The USDA’s 09-10 US ending stocks estimate for wheat was increased from 647 to 706 million bushels. September CBOT lost 10 ½ last week. Last week’s low at 5.12 ¼ should support with resistance seen at 5.30 followed by 5.40. The current chart is reminiscent of the orange juice chart weeks ago before the recent moved ensued. We expect a short covering bounce at minimum. September KCBOT lost 16 ½ cents last week though we did have 2 consecutive positive days which had not happened since late May. Support is seen between 5.40/5.43 with resistance at 5.62/5.65.
September cocoa traded higher by $175 last week filling a gap from 6/16. Resistance comes in at 2700, support at 2590. Trade idea: sell (2) September 2800 calls collecting approx. $1,250 while simultaneously buying (2) December 2800 calls for approx. $3,800. The cost on the trade would be roughly $2,500. On a move higher from here expect to make 30% of the futures move. On a sideways market or down market the September will go worthless and you will trade at a later date out of the December.
The USDA’s 09-10 US ending stocks estimate for sugar was reduced from 459,000 to 359,000 tons. October sugar lost 19 ticks last week and though prices have backed off we do not think prices have come off enough to justify re-establishing longs for clients. Resistance is seen at the 9 day moving average at 17.45, support comes in at 16.90 followed by 16.50. We are looking to buy March 10′ calls but premiums are a bit rich now.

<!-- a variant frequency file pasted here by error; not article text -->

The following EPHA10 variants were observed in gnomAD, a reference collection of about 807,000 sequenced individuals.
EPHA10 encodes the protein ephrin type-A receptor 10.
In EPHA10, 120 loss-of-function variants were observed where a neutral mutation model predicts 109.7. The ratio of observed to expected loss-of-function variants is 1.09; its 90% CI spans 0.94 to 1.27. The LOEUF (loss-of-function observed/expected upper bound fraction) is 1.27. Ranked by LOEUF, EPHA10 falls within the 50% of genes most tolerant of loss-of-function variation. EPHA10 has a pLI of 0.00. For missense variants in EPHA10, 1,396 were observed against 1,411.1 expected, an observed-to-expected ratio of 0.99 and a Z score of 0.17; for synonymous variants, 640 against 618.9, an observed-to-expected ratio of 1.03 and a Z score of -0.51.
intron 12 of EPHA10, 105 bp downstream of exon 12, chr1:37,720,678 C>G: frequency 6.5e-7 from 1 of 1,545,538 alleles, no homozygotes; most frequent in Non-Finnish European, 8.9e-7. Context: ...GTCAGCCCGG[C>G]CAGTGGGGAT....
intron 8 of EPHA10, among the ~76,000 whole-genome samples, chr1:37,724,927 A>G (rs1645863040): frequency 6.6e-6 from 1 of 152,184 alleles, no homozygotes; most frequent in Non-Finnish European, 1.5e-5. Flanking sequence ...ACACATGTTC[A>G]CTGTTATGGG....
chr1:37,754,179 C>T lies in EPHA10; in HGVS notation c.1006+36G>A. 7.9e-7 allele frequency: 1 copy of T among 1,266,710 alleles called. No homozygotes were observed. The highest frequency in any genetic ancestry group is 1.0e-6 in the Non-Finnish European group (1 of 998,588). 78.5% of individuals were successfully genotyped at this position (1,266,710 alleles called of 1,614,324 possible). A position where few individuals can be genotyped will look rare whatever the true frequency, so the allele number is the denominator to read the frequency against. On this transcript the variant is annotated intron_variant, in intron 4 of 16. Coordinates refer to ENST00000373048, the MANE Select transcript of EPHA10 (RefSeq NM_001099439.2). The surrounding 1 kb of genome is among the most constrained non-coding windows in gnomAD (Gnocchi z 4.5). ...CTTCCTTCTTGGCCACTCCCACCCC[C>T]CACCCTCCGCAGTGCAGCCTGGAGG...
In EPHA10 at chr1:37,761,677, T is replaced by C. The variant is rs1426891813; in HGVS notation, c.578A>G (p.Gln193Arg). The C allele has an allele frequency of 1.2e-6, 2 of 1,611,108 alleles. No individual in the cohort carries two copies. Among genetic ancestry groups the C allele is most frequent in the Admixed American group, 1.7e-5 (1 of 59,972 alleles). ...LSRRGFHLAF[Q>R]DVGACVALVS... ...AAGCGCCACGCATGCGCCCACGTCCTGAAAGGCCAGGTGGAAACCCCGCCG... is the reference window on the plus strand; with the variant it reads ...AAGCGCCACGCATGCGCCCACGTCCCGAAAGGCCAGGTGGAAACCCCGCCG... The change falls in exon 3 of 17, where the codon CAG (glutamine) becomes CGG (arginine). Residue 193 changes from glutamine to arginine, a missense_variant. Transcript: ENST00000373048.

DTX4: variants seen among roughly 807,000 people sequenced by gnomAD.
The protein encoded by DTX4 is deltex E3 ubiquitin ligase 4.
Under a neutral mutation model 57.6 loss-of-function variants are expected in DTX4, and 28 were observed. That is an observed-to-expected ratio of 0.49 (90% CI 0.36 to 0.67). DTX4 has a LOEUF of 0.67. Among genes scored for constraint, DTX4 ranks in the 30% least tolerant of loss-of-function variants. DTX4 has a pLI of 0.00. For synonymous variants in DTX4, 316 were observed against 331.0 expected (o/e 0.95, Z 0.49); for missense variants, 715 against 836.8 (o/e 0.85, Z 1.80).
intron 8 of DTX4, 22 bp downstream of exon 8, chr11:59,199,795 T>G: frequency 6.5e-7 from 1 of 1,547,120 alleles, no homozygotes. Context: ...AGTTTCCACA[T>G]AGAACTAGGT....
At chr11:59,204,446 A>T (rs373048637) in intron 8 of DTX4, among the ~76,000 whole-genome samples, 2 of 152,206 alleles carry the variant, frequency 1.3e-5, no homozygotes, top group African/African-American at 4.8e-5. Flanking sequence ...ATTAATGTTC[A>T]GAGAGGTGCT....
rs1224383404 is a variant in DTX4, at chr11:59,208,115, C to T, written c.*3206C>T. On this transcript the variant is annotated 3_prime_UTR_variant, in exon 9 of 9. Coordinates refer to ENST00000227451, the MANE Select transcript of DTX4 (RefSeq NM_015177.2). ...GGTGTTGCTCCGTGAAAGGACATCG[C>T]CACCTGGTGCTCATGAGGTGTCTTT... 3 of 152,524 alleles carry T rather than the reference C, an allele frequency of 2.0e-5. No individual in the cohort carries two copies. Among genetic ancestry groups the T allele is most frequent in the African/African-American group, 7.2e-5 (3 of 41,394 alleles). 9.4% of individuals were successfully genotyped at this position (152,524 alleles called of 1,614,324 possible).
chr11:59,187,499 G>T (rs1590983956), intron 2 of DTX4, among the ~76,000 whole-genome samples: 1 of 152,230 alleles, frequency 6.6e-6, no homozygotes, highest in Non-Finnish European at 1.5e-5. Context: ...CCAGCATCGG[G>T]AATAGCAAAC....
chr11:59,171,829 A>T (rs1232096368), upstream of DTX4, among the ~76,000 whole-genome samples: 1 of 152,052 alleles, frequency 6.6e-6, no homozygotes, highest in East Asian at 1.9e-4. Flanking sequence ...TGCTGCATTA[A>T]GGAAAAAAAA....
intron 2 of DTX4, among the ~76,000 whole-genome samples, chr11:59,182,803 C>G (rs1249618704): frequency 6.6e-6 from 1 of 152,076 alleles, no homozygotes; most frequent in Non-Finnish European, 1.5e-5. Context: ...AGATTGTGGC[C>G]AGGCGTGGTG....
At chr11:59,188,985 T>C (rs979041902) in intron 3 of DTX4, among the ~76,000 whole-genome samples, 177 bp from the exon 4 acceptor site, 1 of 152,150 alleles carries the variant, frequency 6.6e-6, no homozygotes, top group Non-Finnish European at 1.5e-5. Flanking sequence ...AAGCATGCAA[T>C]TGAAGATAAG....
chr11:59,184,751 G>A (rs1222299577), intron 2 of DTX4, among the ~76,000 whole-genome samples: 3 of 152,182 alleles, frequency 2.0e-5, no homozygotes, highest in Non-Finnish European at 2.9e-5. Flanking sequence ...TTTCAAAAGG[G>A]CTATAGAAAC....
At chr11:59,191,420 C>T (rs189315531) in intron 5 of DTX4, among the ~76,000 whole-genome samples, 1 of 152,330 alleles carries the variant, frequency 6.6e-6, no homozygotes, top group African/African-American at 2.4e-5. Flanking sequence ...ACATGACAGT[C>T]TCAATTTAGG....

The USDA’s 09-10 US ending stocks estimate for cotton was kept unchanged at 5.60 million bales. October cotton was higher by 1.30 cents gaining for the third week in a row trading to a 5 week high. Resistance comes in at 61.25/61.75, support at 57.00. We suggest buying on a break. If the global recovery comes into question prices could back off sharply so no rush.
September orange juice closed up 14.15 cents up 18% on the week to the highest level in over a month. We suggested clients to take 75% of their November $1 calls off at a double so they will have none of their money exposed and to gamble with the markets money. If prices continue to rise and approach $1 we will take off the remainder. Support is at 89.00 followed by 84.00 with resistance at 96.50.
According to Dow Jones, rain and colder temperatures are expected in Brazil’s coffee regions, possibly disrupting the harvest. Last week September coffee ended lower by 3.50 cents to the lowest level in 4 months. We still do expect a move higher and will stay the course with clients holding December 15 cent call spreads. Support comes in at 112/112.50, resistance at the 9 day moving average at 117.45.
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Risk Disclosure: The risk of loss in trading commodity futures and options can be substantial. Before trading MB Wealth recommends that you should carefully consider your financial position to determine if commodity trading is appropriate for you. All funds committed should be purely risk capital. Past performance is no guarantee of future trading results. There are no guarantees of market outcome stated, everything stated above are our opinions.